How can this be? Hope I’m not coming down with something, but my energy level feels more like Friday than Monday.
Mostly I avoid pondering where our elected representatives choose to allocate our federal tax dollars, but then I poke around in the Smithsonian web site and I feel a bit less cynical.
John White made a watercolor of this Roanoke leader in 1585, and this is an old photograph of it. Love the curled-up toes!
After checking a few more images, maybe this is just how White drew feet…. Perhaps he trained in shoe-drawing and not foot-drawing…. On the other hand (har), his fingers look a bit floppy, too….
La Penserosa, 1856, by Hiram Powers, who apparently was the most widely known American sculptor in the mid-19th C. Newz to me! [At the High on Val-Day.]
How could I forget to mention that when out foraging the other day, at Star Provisions we saw among their lovely displays a chunk of imported Kobe beef for a mere $128 per pound. Plus sales tax. We left it languishing in the cooler.
It’s Friday—well beyond humpday, on the verge of Fri-fest (long story)….
In weather news, we had rain off and on all last night and well into the morning. Our major reservoirs remain low by feet and feet (as of this morning, something like 10 for Allatoona and upwards of 20 for Lanier—the latter is Atlanta’s principal drinking water source), although it’ll be several days before the catchment area completely feeds all the runoff from the rains of the last 24 hrs into the reservoirs. Still, this slow spring rain, while good for plants, doesn’t impact reservoir levels very much.
Undeterred, the birds are coming through. We’ve had cardinals in the back yard, and I saw a flocks of busy grackles and robins in the front yard when I came back from errands.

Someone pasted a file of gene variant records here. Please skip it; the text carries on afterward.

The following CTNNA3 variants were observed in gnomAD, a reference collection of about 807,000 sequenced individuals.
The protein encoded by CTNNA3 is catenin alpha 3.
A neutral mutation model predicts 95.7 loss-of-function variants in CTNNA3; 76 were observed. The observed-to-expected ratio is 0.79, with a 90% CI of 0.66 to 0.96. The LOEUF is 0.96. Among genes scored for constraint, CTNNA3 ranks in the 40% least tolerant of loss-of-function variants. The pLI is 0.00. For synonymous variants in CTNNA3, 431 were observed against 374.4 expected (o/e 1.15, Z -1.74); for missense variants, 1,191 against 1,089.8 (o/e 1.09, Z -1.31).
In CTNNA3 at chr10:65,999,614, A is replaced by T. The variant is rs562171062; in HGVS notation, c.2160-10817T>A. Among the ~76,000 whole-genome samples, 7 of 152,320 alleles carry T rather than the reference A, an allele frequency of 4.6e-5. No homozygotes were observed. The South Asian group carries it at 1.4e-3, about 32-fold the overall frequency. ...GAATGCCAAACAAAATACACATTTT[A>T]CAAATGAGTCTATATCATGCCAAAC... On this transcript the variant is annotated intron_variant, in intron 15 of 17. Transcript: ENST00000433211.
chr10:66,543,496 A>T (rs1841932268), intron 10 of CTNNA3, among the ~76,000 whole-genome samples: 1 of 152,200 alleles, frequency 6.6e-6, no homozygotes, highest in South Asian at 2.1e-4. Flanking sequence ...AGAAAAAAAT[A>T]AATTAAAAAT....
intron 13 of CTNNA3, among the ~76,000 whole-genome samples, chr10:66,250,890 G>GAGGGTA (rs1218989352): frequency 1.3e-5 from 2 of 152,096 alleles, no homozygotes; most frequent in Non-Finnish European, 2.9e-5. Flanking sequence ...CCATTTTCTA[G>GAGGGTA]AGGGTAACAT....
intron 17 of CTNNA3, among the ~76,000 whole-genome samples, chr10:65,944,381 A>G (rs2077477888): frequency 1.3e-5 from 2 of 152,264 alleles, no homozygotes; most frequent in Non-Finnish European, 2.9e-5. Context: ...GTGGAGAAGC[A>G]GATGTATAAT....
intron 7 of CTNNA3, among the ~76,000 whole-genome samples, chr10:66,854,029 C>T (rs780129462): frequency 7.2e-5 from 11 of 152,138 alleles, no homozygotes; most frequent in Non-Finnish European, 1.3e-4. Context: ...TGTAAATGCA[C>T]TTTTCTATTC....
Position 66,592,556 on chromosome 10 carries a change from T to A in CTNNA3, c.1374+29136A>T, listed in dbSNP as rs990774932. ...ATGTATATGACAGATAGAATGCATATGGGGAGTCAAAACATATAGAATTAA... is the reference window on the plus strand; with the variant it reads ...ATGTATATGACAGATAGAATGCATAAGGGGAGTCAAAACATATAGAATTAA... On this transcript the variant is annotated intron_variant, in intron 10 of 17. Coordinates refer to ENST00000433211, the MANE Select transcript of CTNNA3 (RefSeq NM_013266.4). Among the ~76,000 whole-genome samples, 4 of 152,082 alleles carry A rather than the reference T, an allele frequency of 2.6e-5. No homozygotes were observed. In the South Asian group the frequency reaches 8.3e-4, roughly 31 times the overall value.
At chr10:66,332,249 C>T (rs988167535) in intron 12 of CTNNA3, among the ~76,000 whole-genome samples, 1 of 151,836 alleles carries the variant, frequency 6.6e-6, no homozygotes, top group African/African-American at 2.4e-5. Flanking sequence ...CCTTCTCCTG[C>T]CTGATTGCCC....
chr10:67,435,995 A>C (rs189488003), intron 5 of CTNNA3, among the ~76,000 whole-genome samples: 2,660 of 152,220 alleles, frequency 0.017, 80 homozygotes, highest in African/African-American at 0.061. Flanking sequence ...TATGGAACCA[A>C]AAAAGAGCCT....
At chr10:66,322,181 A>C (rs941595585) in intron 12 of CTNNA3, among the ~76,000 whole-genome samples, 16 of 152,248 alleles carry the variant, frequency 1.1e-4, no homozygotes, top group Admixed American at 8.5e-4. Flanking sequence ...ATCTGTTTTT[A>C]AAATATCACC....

Currently, Atlanta’s version of the national (multinational, but not global?) economic slowdown can be difficult to discern. Here’s the old White Provision Company (mmm, meatpacking, aka slaughterhouse*), originally built in 1910 and now listed on the National Register, being transformed into mixed use: commercial space and housing units.
The building is not far from GA Tech, and college/university towns/neighborhoods seem somewhat insulated from this downturn.
Note, too, the rain (the iPhone camera’s really better than this example—crappy light). VGood! Yea! We’re especially happy that it swept in Leslie à la Mary Poppins (not really) via Amtrak’s Crescent route (here on the Amtrak site, and here on Wikipedia).
* And also, if you believe the White Provision building web site, the building hosted Brad Pitt and David Duchovny et al. for location shooting for Kalifornia (1993).
Getting this dead dogwood* safely onto the ground was a weekend project by The Logger. Dogwood trees have pretty hard wood, like fruit trees, and pretty, too!
Ah, you ask about the glittering and decorative “Welcome to Ohio” sign—that was a b-day gift years ago to The Logger back when he was merely A Yardman. It’s from a movie set. The give-away: unlike a real sign, there’s no prominent mention of a Governor….
* Like many dogwoods around here, I think this one was infected with anthracnose—click here or here for pathology text and pictures…yum!